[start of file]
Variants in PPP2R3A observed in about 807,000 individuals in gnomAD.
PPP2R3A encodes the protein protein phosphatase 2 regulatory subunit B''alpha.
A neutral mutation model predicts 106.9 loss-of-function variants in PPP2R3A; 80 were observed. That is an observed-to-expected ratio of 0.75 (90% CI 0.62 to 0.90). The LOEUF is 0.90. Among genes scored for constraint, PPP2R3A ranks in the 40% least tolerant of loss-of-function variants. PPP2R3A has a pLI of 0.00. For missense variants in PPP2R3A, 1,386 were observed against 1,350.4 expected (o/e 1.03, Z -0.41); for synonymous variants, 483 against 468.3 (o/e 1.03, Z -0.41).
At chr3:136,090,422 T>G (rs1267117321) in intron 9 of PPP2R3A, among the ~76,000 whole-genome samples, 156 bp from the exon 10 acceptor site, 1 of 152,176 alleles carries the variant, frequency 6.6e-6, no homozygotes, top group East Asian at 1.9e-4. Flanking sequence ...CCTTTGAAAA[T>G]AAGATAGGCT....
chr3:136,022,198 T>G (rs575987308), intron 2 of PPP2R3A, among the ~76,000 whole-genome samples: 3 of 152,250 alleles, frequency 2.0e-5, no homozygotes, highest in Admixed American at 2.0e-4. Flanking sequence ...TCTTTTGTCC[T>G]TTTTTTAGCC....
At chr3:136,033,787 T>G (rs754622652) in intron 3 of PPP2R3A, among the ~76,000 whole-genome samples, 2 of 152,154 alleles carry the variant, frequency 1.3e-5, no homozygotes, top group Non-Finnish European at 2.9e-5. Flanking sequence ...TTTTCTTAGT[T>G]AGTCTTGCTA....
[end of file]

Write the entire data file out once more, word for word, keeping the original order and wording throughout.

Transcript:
Variants in PPP2R3A observed in about 807,000 individuals in gnomAD.
PPP2R3A encodes the protein protein phosphatase 2 regulatory subunit B''alpha.
A neutral mutation model predicts 106.9 loss-of-function variants in PPP2R3A; 80 were observed. That is an observed-to-expected ratio of 0.75 (90% CI 0.62 to 0.90). The LOEUF is 0.90. Among genes scored for constraint, PPP2R3A ranks in the 40% least tolerant of loss-of-function variants. PPP2R3A has a pLI of 0.00. For missense variants in PPP2R3A, 1,386 were observed against 1,350.4 expected (o/e 1.03, Z -0.41); for synonymous variants, 483 against 468.3 (o/e 1.03, Z -0.41).
At chr3:136,090,422 T>G (rs1267117321) in intron 9 of PPP2R3A, among the ~76,000 whole-genome samples, 156 bp from the exon 10 acceptor site, 1 of 152,176 alleles carries the variant, frequency 6.6e-6, no homozygotes, top group East Asian at 1.9e-4. Flanking sequence ...CCTTTGAAAA[T>G]AAGATAGGCT....
chr3:136,022,198 T>G (rs575987308), intron 2 of PPP2R3A, among the ~76,000 whole-genome samples: 3 of 152,250 alleles, frequency 2.0e-5, no homozygotes, highest in Admixed American at 2.0e-4. Flanking sequence ...TCTTTTGTCC[T>G]TTTTTTAGCC....
At chr3:136,033,787 T>G (rs754622652) in intron 3 of PPP2R3A, among the ~76,000 whole-genome samples, 2 of 152,154 alleles carry the variant, frequency 1.3e-5, no homozygotes, top group Non-Finnish European at 2.9e-5. Flanking sequence ...TTTTCTTAGT[T>G]AGTCTTGCTA....